Over the days, Israel intensified its attacks on the Gaza Strip, with some isolated offensives in the West Bank as well. Since the Hamas forces started fighting, the Hebrew army has increased its attacks on Gaza, especially by air. While awaiting the announced invasion, Israel is hitting dozens of Hamas military targets every day.
According to data compiled by the Global Fire Power website, Israel ranks 18th among the world’s largest military powers, a list led by the United States, Russia, China and India. Within air power, the Hebrew nation is in 11th place, with more than 600 aircraft of all types, especially fighter jets (up to third) and helicopters.
But its air power depends, in particular, on a prominent ally: the United States. Most of the combat aircraft that fly in the sky above Israel with the Israeli Air Force (IAF) at the controls from the North American country. The Warpower Israel portal details the models used in the Hebrew nation, as well as their novelty: new acquisition, modern, old and almost obsolete. The example with the most units is the F-16 Fighting Falcon, a multipurpose aircraft “capable of carrying out air-to-air and air-to-ground attacks with equivalent lethality ,” the website explained.
Germany, Italy and France, are also present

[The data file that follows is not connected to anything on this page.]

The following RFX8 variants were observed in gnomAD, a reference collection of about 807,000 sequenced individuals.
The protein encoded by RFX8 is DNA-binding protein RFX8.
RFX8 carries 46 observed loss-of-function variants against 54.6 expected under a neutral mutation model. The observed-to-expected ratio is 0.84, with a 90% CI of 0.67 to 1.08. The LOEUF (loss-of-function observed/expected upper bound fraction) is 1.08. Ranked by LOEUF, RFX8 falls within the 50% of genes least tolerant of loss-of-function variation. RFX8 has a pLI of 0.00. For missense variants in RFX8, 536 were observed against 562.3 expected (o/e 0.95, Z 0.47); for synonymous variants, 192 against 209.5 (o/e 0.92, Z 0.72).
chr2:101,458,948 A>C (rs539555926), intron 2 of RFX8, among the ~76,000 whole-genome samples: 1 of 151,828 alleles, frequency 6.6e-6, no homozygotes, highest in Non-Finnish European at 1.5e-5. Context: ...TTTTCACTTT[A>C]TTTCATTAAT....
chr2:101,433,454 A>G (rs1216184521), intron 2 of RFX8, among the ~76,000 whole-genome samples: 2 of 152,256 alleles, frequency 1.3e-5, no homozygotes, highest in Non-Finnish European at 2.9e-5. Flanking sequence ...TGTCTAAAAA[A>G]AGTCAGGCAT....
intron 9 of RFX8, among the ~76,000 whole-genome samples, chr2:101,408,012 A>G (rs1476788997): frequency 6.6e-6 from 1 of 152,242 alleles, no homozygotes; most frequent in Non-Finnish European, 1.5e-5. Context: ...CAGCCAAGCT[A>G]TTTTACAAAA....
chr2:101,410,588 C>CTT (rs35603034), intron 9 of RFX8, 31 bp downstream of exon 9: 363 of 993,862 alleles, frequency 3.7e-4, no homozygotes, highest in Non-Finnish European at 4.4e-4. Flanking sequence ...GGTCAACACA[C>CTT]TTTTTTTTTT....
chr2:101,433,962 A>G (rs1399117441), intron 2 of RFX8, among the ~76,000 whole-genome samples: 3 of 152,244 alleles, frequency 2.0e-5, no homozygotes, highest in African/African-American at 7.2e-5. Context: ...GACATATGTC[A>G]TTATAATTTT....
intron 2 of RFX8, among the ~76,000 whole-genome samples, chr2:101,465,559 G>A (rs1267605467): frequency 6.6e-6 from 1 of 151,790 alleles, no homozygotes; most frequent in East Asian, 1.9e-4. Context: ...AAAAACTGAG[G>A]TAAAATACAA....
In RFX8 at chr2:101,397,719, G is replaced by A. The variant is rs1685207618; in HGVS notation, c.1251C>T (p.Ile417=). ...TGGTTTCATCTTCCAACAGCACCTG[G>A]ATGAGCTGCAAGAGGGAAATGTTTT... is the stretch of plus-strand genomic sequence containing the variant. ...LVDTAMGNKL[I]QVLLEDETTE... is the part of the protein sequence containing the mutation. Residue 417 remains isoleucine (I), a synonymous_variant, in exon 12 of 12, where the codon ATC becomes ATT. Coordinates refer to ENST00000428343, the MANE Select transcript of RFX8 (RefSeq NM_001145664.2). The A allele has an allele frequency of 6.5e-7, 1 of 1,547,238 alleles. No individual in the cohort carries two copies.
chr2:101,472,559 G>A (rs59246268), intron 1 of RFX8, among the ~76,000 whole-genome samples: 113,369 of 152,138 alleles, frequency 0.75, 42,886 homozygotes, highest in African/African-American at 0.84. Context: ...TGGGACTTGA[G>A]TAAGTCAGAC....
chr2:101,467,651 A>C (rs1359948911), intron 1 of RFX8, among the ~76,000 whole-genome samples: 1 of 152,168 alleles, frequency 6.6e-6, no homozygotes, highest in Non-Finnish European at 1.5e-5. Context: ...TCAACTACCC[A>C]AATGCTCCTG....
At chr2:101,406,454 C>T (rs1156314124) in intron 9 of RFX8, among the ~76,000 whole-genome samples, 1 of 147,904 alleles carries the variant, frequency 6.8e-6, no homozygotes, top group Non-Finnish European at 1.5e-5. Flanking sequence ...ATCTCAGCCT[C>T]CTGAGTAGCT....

Next in number of units is also the American F-15 Eagle (84 units), a veteran of the Cold War with a strong response for attack and defense. The F-15 Eagle Strike (25 units) and the fifth-generation F-35 Lightning II (39) complete the US fighter arsenal, representing “the most modern attack aircraft of the IAF, capable of launching guided munitions with precision and land attack missiles. . The planes carry bombs with the JDAM system, which has a screwed kit that allows them to be guided.
As for other foreign aircraft that Israel has, the only ones in the fighter category are the Italian Leonardo M346 (Lavi) (about thirty units), with training and light attack function. France provided seven AS565 Panther helicopters (for search and rescue missions), while Germany provided 16 units of Grob 120 two-seat aircraft, intended for military training and acrobatics.